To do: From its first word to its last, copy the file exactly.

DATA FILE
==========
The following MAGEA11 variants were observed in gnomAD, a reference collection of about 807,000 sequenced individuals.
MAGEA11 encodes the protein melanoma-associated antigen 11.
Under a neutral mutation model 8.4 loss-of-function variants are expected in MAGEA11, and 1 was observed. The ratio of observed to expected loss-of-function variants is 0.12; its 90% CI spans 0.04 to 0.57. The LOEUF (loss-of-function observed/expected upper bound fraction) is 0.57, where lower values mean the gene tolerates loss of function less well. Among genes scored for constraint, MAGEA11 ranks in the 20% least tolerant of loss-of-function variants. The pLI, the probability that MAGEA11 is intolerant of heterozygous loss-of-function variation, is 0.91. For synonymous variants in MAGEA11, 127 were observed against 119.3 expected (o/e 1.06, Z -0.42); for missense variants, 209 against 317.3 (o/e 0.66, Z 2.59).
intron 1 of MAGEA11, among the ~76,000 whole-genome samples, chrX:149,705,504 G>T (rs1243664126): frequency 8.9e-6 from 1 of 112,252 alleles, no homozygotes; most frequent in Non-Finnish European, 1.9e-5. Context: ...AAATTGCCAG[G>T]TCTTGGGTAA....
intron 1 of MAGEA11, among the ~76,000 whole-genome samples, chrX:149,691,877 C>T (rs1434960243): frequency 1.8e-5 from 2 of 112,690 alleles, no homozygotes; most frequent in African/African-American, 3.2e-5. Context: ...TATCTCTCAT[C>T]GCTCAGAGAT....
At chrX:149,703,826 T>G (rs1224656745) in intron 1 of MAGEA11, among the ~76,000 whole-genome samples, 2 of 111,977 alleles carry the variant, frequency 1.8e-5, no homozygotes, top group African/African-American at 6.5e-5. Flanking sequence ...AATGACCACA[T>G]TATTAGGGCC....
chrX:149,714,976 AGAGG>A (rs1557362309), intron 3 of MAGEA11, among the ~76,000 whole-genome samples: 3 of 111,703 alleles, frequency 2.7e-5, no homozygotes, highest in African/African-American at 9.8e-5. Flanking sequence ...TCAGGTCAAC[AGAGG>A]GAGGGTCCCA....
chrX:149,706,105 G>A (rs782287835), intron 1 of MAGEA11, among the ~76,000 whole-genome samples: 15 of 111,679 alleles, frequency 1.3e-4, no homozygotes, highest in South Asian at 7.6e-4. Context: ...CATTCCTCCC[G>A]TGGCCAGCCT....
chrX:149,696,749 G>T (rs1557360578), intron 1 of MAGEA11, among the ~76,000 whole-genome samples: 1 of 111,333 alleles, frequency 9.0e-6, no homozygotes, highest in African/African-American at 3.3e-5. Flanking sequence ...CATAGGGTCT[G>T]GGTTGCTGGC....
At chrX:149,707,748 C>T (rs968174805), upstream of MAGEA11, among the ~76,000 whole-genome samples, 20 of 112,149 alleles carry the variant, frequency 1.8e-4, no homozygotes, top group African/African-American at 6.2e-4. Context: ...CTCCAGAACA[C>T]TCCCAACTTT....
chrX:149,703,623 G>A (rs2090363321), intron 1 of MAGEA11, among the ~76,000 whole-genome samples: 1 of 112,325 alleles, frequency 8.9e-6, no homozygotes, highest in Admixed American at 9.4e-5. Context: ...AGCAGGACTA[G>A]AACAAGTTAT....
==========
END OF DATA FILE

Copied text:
The following MAGEA11 variants were observed in gnomAD, a reference collection of about 807,000 sequenced individuals.
MAGEA11 encodes the protein melanoma-associated antigen 11.
Under a neutral mutation model 8.4 loss-of-function variants are expected in MAGEA11, and 1 was observed. The ratio of observed to expected loss-of-function variants is 0.12; its 90% CI spans 0.04 to 0.57. The LOEUF (loss-of-function observed/expected upper bound fraction) is 0.57, where lower values mean the gene tolerates loss of function less well. Among genes scored for constraint, MAGEA11 ranks in the 20% least tolerant of loss-of-function variants. The pLI, the probability that MAGEA11 is intolerant of heterozygous loss-of-function variation, is 0.91. For synonymous variants in MAGEA11, 127 were observed against 119.3 expected (o/e 1.06, Z -0.42); for missense variants, 209 against 317.3 (o/e 0.66, Z 2.59).
intron 1 of MAGEA11, among the ~76,000 whole-genome samples, chrX:149,705,504 G>T (rs1243664126): frequency 8.9e-6 from 1 of 112,252 alleles, no homozygotes; most frequent in Non-Finnish European, 1.9e-5. Context: ...AAATTGCCAG[G>T]TCTTGGGTAA....
intron 1 of MAGEA11, among the ~76,000 whole-genome samples, chrX:149,691,877 C>T (rs1434960243): frequency 1.8e-5 from 2 of 112,690 alleles, no homozygotes; most frequent in African/African-American, 3.2e-5. Context: ...TATCTCTCAT[C>T]GCTCAGAGAT....
At chrX:149,703,826 T>G (rs1224656745) in intron 1 of MAGEA11, among the ~76,000 whole-genome samples, 2 of 111,977 alleles carry the variant, frequency 1.8e-5, no homozygotes, top group African/African-American at 6.5e-5. Flanking sequence ...AATGACCACA[T>G]TATTAGGGCC....
chrX:149,714,976 AGAGG>A (rs1557362309), intron 3 of MAGEA11, among the ~76,000 whole-genome samples: 3 of 111,703 alleles, frequency 2.7e-5, no homozygotes, highest in African/African-American at 9.8e-5. Flanking sequence ...TCAGGTCAAC[AGAGG>A]GAGGGTCCCA....
chrX:149,706,105 G>A (rs782287835), intron 1 of MAGEA11, among the ~76,000 whole-genome samples: 15 of 111,679 alleles, frequency 1.3e-4, no homozygotes, highest in South Asian at 7.6e-4. Context: ...CATTCCTCCC[G>A]TGGCCAGCCT....
chrX:149,696,749 G>T (rs1557360578), intron 1 of MAGEA11, among the ~76,000 whole-genome samples: 1 of 111,333 alleles, frequency 9.0e-6, no homozygotes, highest in African/African-American at 3.3e-5. Flanking sequence ...CATAGGGTCT[G>T]GGTTGCTGGC....
At chrX:149,707,748 C>T (rs968174805), upstream of MAGEA11, among the ~76,000 whole-genome samples, 20 of 112,149 alleles carry the variant, frequency 1.8e-4, no homozygotes, top group African/African-American at 6.2e-4. Context: ...CTCCAGAACA[C>T]TCCCAACTTT....
chrX:149,703,623 G>A (rs2090363321), intron 1 of MAGEA11, among the ~76,000 whole-genome samples: 1 of 112,325 alleles, frequency 8.9e-6, no homozygotes, highest in Admixed American at 9.4e-5. Context: ...AGCAGGACTA[G>A]AACAAGTTAT....